Perfection is an unrealistic goal, yet organizational culture (built on white dominant standards) prioritizes it. Organizations often get caught in a loop of searching for the “right” consultant and not finding them, which leaves the work at a stand-still. Engaging a firm, a team of independent consultants, or an individual consultant who pulls in colleagues with specific skills and experience for collaboration at key points, is worth considering. Each consultant will bring a set of race, gender, sexual orientation and class (among other) identities to the work, which moderates how they give feedback and facilitate discussions with individuals and groups during an engagement. For example, white team members are often best able to “hear” direct feedback on how microaggressions and white fragility show up in their interactions with colleagues from a consultant who also identifies as white. Similarly, people of color are often more comfortable expressing (and publicly processing) experiences of race-based trauma inside and outside of the organization when the dialogue is facilitated by an external consultant who is also of color. Also, many organizations engage a consultant to lead their race equity initiatives and hire coaches to help managers and senior leaders process its personal, interpersonal and institutional implications for their daily work. Consider it a red flag if a candidate is not able to articulate how the multiple identities they hold play out in their work as a consultant/facilitator, or if they say that, as an individual, they have “everything you need” to successfully accomplish the challenging, nuanced race equity work before your organization. 

White Culture and Privilege

Pay attention to white culture and privilege and how it shows up both internally and externally during a race equity process.

Hire a consultant who can call out and explicitly mitigate these dynamics, which often comprise a missing link in the process. In addition to establishing intentional group norms that promote explicit reflection on white culture and privilege, and how they manifest inside and outside of organizations, a skilled consultant will utilize caucusing by racial identity to surface implicit dynamics around white culture, privilege and whiteness. Caucusing can be an effective strategy for surfacing issues of white culture and privilege (as well as internalized and interpersonal racism) among white people and people of color. The Transforming Organizational Culture Assessment Tool specifically addresses white culture as part of an organization’s efforts to advance racial equity.  Use these reflection questions to guide white team members in discussing how they can disrupt white dominant culture, dismantle anti-Blackness and anti-Indigeneity and build organizational culture and practice that advances racial justice.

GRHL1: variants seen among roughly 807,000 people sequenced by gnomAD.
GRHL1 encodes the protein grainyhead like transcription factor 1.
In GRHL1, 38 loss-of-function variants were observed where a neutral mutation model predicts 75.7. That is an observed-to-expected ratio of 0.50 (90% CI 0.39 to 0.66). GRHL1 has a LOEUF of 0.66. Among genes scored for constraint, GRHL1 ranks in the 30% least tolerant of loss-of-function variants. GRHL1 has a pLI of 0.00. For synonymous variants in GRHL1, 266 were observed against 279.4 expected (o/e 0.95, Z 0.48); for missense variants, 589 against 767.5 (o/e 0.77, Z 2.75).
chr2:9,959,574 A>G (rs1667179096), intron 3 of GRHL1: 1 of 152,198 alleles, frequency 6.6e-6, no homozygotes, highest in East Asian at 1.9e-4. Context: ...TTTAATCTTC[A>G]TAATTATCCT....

It is important to note the role that chief executive officers, 90% of whom are white according to a BoardSource study,  play in establishing and enforcing white dominant standards within organizational culture. CEOs of color, many of whom have assimilated white dominant standards to ascend the professional ladder, play a similar role in upholding white dominant standards whether the organization is predominately people of color or not, which highlights the critical work senior leaders must do to interrogate how biased beliefs and behaviors operate at the personal, interpersonal and institutional levels.

Do an Equity Self-Assessment

Before bringing on a consultant, complete (or at least review) one of the many self-assessments available to support organizations in developing a cross-functional picture of culture, policies and practices.

These self-assessment tools help organizations reflect on everything from staff and board diversity to processes for strategic and budgetary planning; support leaders in evaluating what skills and experience best align with their organization’s needs and goals; and assess an organization’s readiness (leadership commitment, budget, staffing, et al.) to successfully engage a consultant around specific goals. Consultants generally conduct an assessment during the first phase of a race equity engagement, but having some baseline data from an organization’s self-assessment positions them to more effectively prioritize areas of focus and make progress toward goals as they begin work. It is important to note that, as part of self-assessment, organizations should be mindful of who is involved in the process, creating space to elevate diverse perspectives within the organization, and ensuring that the voices of staff and leadership of color (at all levels) are centered. 

This Race Matters assessment takes less than five minutes, and will help your organization understand whether it is taking the steps that are usually needed to achieve equitable results. CHANGE Philanthropy has a quiz that grantmaking organizations can use to assess where they are in their equity journey, and receive a set of curated resources (drawn from their library of publications, tools and resources focus on intersectional equity) to guide them in planning next steps. National Center for Responsive Philanthropy released a set of Power Moves tools to help grantmakers assess how power drives equity in their funding policies and process. And, Crossroads Anti-Racism Organizing and Training has the Continuum on Becoming an Anti-Racist Multicultural Organization, which outlines a range of characteristics that define how actively inclusive and anti-racist an organization is. And, the Organizational Strengthening Equity Audit tool, collaboratively developed and curated by TSNE MissionWorks, The Social Sector Accelerator and St. David’s Foundation is designed for grantmakers seeking to increase their race equity capacity.